The British Labour Party leader, Ed Miliband, said Tuesday that he supported the United States-led airstrikes in Syria against Islamic State militants, but implied that his support for British participation in military action would depend upon a United Nations Security Council resolution.
Delivered at the last Labour Party convention before May’s general election and amid persistent doubts among British voters about whether he has the heft to be prime minister, Mr. Miliband’s speech was considered especially important. He aimed for a tough tone against the militant group, which holds British hostages. But he sought to keep his options open while Prime Minister David Cameron of the Conservative Party is in New York talking to other leaders at the United Nations General Assembly.
Mr. Miliband also put the Labour Party firmly behind British membership in the European Union, in counterpoint to Mr. Cameron, who has promised to hold a referendum on British membership if he is still prime minister in 2017. Unless more powers are transferred to the European Union, Mr. Miliband has rejected that idea.
“Let me say it plainly,” he said. “Our future lies inside, not outside the European Union.”
While Mr. Miliband did not speak extensively on foreign affairs, he said that “we support the overnight action against ISIL,” an alternative acronym for the Islamic State, but “what needs to happen now is that the United Nations needs to play its part, a U.N. Security Council Resolution to win the international support to counter the threat of ISIL.”
A little over a year ago, Mr. Miliband’s party opposed and helped block British military action alongside the United States against the Syrian government for its use of chemical weapons in part because there was no Security Council resolution, resulting in even Washington giving up the idea.
Labour is currently ahead in opinion polls, but only narrowly, and Mr. Miliband is still regarded in the polls as a less credible leader than Mr. Cameron, who is none too popular himself. Labour is also considered a less trustworthy manager of the economy than the Conservatives, and Mr. Miliband spoke more extensively on domestic politics.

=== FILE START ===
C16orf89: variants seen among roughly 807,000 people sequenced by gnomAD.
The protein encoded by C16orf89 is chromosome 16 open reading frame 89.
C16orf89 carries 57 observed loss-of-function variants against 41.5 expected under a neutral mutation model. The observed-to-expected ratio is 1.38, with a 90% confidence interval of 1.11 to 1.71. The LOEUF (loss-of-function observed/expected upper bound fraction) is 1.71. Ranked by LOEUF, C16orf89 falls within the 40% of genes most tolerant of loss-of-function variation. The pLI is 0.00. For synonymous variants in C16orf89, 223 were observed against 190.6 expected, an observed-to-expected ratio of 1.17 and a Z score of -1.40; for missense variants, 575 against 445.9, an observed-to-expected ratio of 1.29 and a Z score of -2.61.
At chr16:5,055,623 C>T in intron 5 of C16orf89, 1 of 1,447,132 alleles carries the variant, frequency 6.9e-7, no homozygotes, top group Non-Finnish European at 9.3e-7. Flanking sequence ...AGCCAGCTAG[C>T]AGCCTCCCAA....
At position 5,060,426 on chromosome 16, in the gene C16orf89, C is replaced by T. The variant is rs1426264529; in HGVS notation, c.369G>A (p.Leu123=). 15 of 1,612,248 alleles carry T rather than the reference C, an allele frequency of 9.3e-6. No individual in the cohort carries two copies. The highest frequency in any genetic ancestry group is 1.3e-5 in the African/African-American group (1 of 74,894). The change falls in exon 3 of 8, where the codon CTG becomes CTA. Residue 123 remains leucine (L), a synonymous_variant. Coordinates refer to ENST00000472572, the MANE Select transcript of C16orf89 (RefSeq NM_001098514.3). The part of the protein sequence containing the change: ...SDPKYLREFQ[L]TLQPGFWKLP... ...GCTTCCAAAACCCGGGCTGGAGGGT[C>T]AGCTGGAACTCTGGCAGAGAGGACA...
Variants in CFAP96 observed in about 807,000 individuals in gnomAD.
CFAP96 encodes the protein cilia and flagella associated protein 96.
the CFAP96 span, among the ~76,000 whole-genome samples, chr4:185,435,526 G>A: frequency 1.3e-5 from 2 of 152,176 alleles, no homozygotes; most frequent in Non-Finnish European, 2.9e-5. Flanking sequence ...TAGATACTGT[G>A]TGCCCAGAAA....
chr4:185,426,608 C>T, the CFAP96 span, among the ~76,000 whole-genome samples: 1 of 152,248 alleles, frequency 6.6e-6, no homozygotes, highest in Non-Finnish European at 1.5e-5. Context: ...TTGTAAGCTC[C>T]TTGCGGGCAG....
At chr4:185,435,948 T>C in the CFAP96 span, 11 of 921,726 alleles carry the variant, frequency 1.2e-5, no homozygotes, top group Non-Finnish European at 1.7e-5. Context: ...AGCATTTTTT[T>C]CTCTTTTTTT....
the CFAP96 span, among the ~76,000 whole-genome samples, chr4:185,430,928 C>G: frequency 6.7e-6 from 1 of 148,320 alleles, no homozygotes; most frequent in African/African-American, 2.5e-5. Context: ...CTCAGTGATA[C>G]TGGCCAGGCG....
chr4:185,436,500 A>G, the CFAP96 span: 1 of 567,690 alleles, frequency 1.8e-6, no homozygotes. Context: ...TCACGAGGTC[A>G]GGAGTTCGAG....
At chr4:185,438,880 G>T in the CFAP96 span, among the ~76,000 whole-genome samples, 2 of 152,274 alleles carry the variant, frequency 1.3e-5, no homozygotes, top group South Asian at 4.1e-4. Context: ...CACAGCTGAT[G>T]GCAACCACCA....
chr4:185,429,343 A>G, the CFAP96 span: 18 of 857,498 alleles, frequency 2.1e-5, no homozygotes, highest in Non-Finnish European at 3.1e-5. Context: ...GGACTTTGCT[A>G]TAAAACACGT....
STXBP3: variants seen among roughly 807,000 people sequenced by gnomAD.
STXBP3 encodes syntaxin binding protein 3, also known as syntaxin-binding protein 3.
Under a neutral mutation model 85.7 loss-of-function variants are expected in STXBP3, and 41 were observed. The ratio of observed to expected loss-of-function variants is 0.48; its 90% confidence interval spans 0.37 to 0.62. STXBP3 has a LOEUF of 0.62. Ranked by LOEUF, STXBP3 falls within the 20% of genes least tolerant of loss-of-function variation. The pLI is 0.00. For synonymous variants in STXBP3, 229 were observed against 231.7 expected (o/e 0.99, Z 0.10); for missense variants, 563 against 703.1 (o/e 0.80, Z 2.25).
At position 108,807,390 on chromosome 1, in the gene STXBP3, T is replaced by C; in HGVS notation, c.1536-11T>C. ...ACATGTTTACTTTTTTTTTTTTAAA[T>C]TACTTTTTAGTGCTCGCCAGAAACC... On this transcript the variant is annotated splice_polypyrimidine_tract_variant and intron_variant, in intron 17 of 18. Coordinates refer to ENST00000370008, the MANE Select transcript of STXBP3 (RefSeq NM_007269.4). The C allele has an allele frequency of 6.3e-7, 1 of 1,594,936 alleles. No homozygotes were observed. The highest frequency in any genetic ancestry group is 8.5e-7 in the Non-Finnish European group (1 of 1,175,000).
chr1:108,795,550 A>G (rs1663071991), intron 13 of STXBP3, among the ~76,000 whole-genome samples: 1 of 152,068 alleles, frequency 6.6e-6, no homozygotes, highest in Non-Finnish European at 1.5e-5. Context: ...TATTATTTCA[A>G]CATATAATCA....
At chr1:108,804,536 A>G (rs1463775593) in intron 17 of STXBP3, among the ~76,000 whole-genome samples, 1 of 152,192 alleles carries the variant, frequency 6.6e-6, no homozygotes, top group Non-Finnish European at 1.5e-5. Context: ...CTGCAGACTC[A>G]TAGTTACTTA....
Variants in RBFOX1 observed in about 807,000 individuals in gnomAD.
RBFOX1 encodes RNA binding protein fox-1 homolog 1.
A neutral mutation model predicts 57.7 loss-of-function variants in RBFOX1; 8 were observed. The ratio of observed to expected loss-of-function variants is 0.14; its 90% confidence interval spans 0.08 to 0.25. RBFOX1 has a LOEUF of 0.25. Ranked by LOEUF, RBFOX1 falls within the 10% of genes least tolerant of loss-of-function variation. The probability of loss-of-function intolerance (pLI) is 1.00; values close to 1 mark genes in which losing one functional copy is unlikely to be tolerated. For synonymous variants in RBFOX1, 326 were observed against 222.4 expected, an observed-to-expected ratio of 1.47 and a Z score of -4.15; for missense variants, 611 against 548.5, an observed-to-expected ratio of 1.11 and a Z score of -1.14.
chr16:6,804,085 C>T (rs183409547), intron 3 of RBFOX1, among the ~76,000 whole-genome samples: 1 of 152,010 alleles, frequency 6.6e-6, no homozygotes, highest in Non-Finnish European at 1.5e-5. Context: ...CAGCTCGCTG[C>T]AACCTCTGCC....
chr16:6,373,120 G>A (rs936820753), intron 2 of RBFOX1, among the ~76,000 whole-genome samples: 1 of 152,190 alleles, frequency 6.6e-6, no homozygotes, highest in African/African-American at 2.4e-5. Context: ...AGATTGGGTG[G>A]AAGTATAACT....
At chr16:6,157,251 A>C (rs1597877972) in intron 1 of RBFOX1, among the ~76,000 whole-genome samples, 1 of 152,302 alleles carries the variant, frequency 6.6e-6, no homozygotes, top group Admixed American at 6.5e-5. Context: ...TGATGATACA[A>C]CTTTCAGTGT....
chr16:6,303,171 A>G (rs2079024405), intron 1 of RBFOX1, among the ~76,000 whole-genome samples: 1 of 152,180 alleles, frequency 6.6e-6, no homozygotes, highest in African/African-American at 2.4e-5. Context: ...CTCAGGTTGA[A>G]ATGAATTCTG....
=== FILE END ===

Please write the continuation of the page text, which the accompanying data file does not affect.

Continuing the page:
Speaking for more than hour without notes to a large hall and a national television audience, Mr. Miliband promised that a Labour government would make a large investment in the National Health Service, funded by a tax on properties worth more than 2 million pounds, or $3.27 million, and a further levy on the profits of tobacco companies.
The party faithful gave him standing ovations when he defended the health service and promised to spend an additional £2.5 billion, in part to hire 20,000 more nurses, 8,000 more doctors, 5,000 more careworkers and 3,000 more midwives by 2020.
He promised more homebuilding and help for young workers to add to earlier pledges to increase the minimum wage to more than £8 an hour by 2020 and to freeze energy prices.
Mr. Miliband’s task is more difficult because the British economy is rebounding faster than most others in Europe, making a strictly economic appeal less convincing. Instead he sought to capitalize on the sense that middle- and lower-income Britons face a continuing squeeze on living standards and to portray Mr. Cameron’s Conservatives as heartless and uncaring servants of the wealthy.
He said Mr. Cameron was a friend to bankers in trouble, a “P.R. man” to energy companies and took big campaign contributions from Russian oligarchs and their spouses. “Well, David Cameron, you’ve been found out,” Mr. Miliband said. “He stands up for the privileged few.”
The Labour leader sought to draw on the lessons of the narrow victory of those wanting Scotland to remain inside the United Kingdom, saying that “a country that nearly splits apart is not a country in good health.”
He used it for his main theme of “Together, we can,” and said that any new constitutional arrangements to devolve power to England should be done carefully. And he accused Mr. Cameron of thinking less while lying awake at night about the United Kingdom than about the United Kingdom Independence Party, or UKIP, which threatens the Conservative hold on marginal constituencies in England. Praising the democratic exercise in Scotland, Mr. Miliband called for those age 16 and older to be given the vote in all elections, as they were in the referendum.
Mr. Miliband’s speech as a whole seemed to lack the impact of his speech last year and some said it was less passionate. He was competing against big news elsewhere — the aftermath of an exciting Scottish referendum, the airstrikes on Syria, even the conviction of another BBC radio personality, Dave Lee Travis, for a past sexual abuse.
Kevin Maguire, associate editor of the left-leaning Daily Mirror newspaper, said on Twitter: “Instant Miliband speech verdict: Thoughtful but needed more fire in his belly.”
Source: The New York Times